Highly efficient atomically dispersed Co–N active sites in porous carbon for high-performance capacitive desalination of brackish water†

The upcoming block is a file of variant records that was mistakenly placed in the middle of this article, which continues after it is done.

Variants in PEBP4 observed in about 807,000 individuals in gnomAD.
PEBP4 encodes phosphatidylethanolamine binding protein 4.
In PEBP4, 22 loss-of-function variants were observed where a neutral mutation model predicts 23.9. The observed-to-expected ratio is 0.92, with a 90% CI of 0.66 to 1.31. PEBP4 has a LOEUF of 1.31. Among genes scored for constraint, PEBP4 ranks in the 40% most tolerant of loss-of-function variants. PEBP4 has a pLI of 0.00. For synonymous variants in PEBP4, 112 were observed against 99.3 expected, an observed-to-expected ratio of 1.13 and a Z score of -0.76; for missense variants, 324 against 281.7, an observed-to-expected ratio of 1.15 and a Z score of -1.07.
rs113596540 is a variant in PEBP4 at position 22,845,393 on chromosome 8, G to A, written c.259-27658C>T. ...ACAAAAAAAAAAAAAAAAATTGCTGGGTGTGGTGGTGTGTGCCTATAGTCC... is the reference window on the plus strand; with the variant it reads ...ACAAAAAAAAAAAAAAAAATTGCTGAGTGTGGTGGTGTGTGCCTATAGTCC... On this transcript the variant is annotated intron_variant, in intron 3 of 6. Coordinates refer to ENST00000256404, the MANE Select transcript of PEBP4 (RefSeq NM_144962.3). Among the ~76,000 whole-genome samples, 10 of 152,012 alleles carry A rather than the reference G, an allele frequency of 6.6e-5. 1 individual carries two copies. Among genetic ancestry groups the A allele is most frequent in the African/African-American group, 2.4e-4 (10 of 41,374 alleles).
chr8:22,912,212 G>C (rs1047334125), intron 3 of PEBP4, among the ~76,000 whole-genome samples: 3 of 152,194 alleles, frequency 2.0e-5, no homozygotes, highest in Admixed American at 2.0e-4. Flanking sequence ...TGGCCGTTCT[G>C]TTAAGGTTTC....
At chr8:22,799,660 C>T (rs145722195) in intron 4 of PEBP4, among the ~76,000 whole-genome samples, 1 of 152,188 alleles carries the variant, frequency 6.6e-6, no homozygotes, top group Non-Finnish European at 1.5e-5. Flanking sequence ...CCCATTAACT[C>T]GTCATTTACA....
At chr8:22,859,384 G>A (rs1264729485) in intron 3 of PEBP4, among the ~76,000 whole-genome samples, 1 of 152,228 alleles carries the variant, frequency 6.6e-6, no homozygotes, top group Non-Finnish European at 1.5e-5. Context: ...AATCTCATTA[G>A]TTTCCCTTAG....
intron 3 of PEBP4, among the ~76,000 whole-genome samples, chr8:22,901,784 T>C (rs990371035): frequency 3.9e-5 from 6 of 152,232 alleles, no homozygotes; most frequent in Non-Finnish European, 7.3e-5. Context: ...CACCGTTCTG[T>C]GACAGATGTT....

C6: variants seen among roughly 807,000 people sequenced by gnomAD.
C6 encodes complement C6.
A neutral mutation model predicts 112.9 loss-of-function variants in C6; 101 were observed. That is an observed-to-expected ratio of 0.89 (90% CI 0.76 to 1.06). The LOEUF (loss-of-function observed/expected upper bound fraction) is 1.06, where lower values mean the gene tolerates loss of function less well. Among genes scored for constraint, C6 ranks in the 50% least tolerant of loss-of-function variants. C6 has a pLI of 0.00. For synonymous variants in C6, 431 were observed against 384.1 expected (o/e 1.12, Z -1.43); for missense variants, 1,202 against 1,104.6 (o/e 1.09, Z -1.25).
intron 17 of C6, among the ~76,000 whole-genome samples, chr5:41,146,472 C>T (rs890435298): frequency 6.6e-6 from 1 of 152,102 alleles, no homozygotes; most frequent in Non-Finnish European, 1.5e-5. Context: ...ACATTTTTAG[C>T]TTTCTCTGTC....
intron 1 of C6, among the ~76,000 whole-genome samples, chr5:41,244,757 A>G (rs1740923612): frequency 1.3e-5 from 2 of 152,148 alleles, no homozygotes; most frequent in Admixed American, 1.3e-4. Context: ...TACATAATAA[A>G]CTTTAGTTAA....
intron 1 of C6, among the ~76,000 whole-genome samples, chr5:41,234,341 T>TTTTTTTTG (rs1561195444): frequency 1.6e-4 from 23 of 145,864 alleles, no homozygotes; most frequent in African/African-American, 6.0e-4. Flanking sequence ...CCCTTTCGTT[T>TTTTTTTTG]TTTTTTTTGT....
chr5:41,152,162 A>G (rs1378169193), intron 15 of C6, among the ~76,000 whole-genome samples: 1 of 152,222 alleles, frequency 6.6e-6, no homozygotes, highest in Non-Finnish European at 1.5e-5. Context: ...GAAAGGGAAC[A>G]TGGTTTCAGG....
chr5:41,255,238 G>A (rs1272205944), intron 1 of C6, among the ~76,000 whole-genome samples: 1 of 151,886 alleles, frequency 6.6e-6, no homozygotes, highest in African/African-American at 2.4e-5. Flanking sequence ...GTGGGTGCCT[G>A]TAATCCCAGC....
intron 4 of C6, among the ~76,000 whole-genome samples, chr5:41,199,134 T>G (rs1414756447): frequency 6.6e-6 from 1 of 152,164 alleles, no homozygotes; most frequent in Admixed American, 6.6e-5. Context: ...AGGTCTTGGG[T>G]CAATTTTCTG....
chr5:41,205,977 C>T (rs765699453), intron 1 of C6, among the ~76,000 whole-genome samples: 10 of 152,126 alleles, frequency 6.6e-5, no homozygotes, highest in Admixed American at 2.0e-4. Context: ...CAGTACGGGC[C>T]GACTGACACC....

Carbon materials with external defects (heteroatoms) have been widely studied to promote their performance in capacitive deionization (CDI), but the salt adsorption capacity and rate capability are far from meeting the rapid demand for clean water. Further, the origin of capacitive activity from the external defects, especially the nitrogen-coordinated transition metal sites in carbons, cannot be clearly clarified. Herein, porous carbons with highly efficient atomically dispersed Co–N active sites are designed and prepared by a one-step scalable pyrolysis process from a binary metal–organic framework. The optimized carbon material exhibits an excellent specific capacitance of 229 F g−1 at 2 mV s−1 in a 1.0 M NaCl solution. Further, the salt adsorption capacity is as high as 55.6 mg g−1 in 1000 mg L−1 NaCl electrolyte at 1.2 V. The experimental analysis reveals that the presence of atomically dispersed Co–N bonds as effective active sites is confirmed to play a crucial role in the CDI performance, as they are beneficial for the ion adsorption behavior and maximize the utilization of the porous structure. Furthermore, theoretical simulations demonstrate that the highly efficient Co–N moieties as the active centers can remarkably facilitate charge density redistribution, thereby improving the intrinsic affinity of ions and thus fundamentally enhancing the CDI performance. This work affords a deep insight for further understanding the critical role of Co–N sites in carbon-based CDI performance.